Derick Oppong-Agyare (arrowed), Deputy Director, Programmes, Ghana AIDS Commission, with participating journalists at the workshop
Derick Oppong-Agyare (arrowed), Deputy Director, Programmes, Ghana AIDS Commission, with participating journalists at the workshop

HIV not death sentence — AIDS Commission

Acquiring HIV is not a death sentence because there is now medication that, when taken religiously, renders the virus undetectable in the body.


And once the virus becomes undetectable in a person, he or she will not be able to transmit it to another person even through unprotected sex, the Deputy Director of Programmes at GAC, Derick Oppong-Agyare, has said.

“The situation is not as dire as people think. HIV is no longer a death sentence, hence no one should die of AIDS in Ghana.

“Some people are unwilling to test because they think HIV is a death sentence.

 You advise them, preach to them and even cajole them, they will not test.

Please, help us to tell the good people of this country to do the testing,” he said.

Mr Oppong-Agyare was speaking at a media training workshop on HIV-related human rights, stigma and discrimination in Accra.

It was organised by GAC, in partnership with the Ghana Journalists Association (GJA), SEND Ghana and UNAIDS, and funded by PEPFAR.

The two-day workshop offered participants the opportunity to, among others, learn about HIV and AIDS terminologies, current HIV epidemiology, achievements and challenges, as well as the role of the media in reducing stigma and discrimination.


The deputy director said there was medication for a person who unmindfully engaged in unprotected sex with a recipient of care — a person living with HIV (PLHIV).

Known as post exposure prophylaxis (PEP), once taken within the first three months after unprotected sex with a recipient of care, it protects the person from contracting the virus.

Again, he said, there was also a pre exposure prophylaxis (PREP) which when taken before sexual intercourse with a recipient of care, one would not contract the virus.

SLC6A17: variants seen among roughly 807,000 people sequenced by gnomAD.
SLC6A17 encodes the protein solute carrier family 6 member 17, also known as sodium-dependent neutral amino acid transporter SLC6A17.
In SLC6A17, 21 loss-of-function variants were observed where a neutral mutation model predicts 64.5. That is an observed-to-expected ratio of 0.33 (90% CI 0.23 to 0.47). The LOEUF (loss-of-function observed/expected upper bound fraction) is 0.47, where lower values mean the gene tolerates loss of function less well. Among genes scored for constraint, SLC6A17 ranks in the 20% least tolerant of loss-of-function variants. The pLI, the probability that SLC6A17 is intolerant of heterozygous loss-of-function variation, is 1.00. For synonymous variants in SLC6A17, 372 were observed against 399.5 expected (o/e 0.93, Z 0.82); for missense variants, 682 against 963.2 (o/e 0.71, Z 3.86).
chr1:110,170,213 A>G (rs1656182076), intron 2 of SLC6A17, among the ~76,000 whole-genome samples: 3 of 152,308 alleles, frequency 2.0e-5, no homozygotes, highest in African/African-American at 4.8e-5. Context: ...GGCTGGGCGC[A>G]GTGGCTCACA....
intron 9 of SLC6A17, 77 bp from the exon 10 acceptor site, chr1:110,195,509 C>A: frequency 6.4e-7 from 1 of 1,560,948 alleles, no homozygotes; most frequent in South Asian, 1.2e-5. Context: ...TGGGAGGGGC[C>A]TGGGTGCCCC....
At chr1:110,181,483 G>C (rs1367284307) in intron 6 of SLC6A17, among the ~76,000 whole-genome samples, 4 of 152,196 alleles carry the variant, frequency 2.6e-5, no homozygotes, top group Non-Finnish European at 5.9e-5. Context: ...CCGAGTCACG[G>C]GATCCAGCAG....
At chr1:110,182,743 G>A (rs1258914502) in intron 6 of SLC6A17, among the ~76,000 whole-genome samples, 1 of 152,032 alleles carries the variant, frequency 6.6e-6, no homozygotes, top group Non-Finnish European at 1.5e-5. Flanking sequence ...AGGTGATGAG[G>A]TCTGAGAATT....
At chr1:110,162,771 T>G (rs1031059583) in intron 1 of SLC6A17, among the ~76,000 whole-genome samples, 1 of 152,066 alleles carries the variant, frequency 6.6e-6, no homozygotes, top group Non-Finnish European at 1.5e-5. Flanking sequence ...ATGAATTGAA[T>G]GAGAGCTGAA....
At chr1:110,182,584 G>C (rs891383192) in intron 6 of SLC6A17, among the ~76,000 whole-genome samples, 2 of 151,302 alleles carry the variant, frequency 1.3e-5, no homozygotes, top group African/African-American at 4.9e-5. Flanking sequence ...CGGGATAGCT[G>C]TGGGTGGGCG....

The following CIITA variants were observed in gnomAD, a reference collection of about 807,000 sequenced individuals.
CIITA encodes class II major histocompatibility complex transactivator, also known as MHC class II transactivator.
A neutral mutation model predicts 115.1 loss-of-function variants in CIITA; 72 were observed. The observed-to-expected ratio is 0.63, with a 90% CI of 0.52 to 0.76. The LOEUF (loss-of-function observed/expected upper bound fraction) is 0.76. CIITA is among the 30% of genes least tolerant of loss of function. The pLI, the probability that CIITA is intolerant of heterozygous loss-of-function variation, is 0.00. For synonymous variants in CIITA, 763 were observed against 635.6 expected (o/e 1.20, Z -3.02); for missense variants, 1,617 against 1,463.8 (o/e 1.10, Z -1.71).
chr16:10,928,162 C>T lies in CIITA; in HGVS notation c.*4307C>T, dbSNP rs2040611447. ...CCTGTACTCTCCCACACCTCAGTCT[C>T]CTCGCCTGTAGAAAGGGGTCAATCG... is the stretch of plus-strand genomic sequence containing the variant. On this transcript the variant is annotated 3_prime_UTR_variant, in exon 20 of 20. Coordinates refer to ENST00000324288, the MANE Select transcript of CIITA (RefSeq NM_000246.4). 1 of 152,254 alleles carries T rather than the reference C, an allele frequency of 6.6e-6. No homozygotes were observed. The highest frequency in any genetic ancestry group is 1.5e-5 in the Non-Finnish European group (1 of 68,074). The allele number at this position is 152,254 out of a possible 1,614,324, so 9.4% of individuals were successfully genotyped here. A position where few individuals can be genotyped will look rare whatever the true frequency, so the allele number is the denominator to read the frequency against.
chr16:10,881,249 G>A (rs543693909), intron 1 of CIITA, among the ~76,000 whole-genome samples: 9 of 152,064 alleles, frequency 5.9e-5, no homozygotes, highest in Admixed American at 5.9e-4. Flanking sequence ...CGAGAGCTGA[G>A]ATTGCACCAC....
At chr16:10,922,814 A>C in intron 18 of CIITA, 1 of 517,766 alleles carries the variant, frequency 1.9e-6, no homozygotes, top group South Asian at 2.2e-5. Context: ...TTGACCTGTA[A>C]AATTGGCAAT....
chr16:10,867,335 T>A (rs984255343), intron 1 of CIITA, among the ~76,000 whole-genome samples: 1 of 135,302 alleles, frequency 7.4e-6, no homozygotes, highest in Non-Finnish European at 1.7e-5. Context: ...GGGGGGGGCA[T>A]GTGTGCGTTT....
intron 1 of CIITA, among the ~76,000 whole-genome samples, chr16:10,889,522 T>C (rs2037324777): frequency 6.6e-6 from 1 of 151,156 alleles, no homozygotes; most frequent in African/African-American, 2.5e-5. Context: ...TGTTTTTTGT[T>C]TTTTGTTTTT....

Mr Oppong-Agyare said after one tested positive for HIV, one was supposed to start treatment immediately, however, some enter into a state of self-denial and refused to start treatment.

He pleaded with the media to help inform the public that such self-denials do not help in the treatment process.

On achievements made in HIV campaign in the country, Mr Oppong-Agyare said there had been some improvement in coverage of prevention of mother-to-child transmission services through the expansion of access to antenatal care, HIV testing and antiretroviral therapy for pregnant women living with HIV.


In a speech read on his behalf, the Director-General of GAC, Dr Kyeremeh Atuahene, said data from the Commission on Human Rights and Administrative Justice (CHRAJ) showed that persons infected, affected and at higher-risk of HIV continued to suffer various forms of discrimination, including eviction from rented or family houses, denial of employment and share of property, maintenance of children, education, police assistance and health services, as well as blackmail, divorce and assault cases.

He said that GAC had also been receiving similar reports or complaints from persons infected or affected by HIV over issues such as PLHIVs being denied the use of same toilet, bathroom or kitchen as the landlord or co-tenants.


The Public Affairs Officer of the GJA, Rebecca Ekpe, said the association was committed to training and building the capacity of journalists.

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